This article compares the clinical outcomes of clopidogrel and ticagrelor in patients with acute coronary syndrome (ACS) without cytochrome P450 (CYP)2C19 loss-of-function (LOF) alleles and investigates whether clopidogrel could be an alternative P2Y12 inhibitor without increasing the risk of ischemic events.
 Patients were divided into the clopidogrel-treated group and the ticagrelor-treated group. Inverse probability of treatment weighting (IPTW) calculated by propensity scores was used to adjust confounding covariates. The primary outcome was major adverse cardiovascular or cerebrovascular events (MACCEs) within 12 months. The secondary outcomes were MACCEs plus unstable angina, and clinically significant bleeding events.
 Finally, 2,199 patients were included. Of them, 1,606 were treated with clopidogrel, and 593 were treated with ticagrelor. The mean age of the original cohort was 59.92 ± 9.81 years. During the 12-month follow-up period, MACCEs occurred in 89 patients (4.0%). No significant differences were observed in MACCEs (IPTW-adjusted hazard ratio [HR], 0.87; 95% confidence interval [CI], 0.65-1.18), MACCEs plus unstable angina (IPTW-adjusted HR, 1.20; 95% CI, 0.91-1.59), or clinically significant bleeding events (IPTW-adjusted HR, 0.81; 95% CI, 0.53-1.23) between the clopidogrel- and ticagrelor-treated groups.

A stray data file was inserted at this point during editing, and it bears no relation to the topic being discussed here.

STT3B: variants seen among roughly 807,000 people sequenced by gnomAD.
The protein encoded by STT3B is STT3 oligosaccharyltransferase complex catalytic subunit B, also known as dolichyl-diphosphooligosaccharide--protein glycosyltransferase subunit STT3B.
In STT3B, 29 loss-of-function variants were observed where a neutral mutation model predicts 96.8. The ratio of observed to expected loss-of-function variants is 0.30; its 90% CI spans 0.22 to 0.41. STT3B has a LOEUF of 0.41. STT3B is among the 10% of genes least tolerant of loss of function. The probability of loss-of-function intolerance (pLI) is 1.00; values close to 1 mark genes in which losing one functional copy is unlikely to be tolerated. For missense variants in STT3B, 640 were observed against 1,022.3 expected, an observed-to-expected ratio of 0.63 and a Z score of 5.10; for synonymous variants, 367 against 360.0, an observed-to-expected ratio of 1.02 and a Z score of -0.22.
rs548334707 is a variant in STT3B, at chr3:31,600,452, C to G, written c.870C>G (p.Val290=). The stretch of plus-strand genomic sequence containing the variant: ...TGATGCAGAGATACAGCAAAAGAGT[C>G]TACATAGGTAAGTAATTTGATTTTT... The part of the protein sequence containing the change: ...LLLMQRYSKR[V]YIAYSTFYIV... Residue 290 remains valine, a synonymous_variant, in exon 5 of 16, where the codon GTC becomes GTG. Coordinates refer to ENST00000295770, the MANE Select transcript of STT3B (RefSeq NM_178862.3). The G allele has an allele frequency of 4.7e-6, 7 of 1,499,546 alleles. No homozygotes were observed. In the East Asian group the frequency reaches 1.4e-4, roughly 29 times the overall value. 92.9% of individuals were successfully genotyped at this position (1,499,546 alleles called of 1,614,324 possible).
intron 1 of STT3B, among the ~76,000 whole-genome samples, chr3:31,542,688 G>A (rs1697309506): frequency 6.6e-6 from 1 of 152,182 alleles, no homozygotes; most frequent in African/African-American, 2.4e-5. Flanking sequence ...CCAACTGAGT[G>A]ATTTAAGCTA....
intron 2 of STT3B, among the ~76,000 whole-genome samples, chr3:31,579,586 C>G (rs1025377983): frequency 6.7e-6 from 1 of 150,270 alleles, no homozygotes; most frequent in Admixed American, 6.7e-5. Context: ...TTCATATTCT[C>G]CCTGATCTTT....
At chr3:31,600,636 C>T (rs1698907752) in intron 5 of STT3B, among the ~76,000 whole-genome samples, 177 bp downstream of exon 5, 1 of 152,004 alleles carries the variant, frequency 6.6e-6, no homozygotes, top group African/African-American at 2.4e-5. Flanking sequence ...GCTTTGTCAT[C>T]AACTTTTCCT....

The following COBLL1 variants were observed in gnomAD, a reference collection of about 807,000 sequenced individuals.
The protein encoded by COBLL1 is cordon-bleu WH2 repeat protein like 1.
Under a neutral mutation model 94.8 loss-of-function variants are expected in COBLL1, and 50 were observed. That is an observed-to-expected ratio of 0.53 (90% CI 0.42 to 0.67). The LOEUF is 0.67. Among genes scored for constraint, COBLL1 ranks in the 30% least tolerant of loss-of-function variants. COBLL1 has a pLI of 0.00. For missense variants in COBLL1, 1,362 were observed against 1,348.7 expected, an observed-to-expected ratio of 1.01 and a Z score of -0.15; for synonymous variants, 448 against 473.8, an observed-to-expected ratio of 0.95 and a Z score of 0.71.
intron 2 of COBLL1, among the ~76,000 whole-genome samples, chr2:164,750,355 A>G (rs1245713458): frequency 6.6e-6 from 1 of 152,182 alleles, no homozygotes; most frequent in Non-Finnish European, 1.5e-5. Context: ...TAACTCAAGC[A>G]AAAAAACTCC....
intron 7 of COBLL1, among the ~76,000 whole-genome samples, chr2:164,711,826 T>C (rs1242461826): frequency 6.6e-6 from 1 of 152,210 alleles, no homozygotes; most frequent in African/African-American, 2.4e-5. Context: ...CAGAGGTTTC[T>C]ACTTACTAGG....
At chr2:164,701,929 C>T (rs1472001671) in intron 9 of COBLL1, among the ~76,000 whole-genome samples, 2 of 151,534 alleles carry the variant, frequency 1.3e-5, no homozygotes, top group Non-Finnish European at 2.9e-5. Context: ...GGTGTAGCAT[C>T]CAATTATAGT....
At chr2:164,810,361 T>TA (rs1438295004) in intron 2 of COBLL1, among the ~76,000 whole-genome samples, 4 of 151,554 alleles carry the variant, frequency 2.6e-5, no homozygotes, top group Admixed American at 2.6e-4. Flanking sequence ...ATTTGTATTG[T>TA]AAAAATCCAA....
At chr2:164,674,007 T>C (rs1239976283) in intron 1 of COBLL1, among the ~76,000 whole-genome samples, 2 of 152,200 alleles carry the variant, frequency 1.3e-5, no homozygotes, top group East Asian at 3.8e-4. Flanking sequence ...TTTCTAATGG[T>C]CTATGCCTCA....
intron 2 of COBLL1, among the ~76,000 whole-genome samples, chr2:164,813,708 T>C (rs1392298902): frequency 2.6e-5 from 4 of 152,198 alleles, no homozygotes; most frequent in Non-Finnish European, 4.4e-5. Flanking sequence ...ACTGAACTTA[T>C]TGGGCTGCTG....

In patients with ACS without CYP2C19 LOF alleles, clopidogrel was not associated with a higher risk of MACCEs when compared with ticagrelor. The main findings of this study support use of clopidogrel in CYP2C19 LOF noncarriers as an alternative P2Y12 inhibitor, which may reduce medical expenses and adverse reactions caused by more potent P2Y12 inhibitors in these patients.

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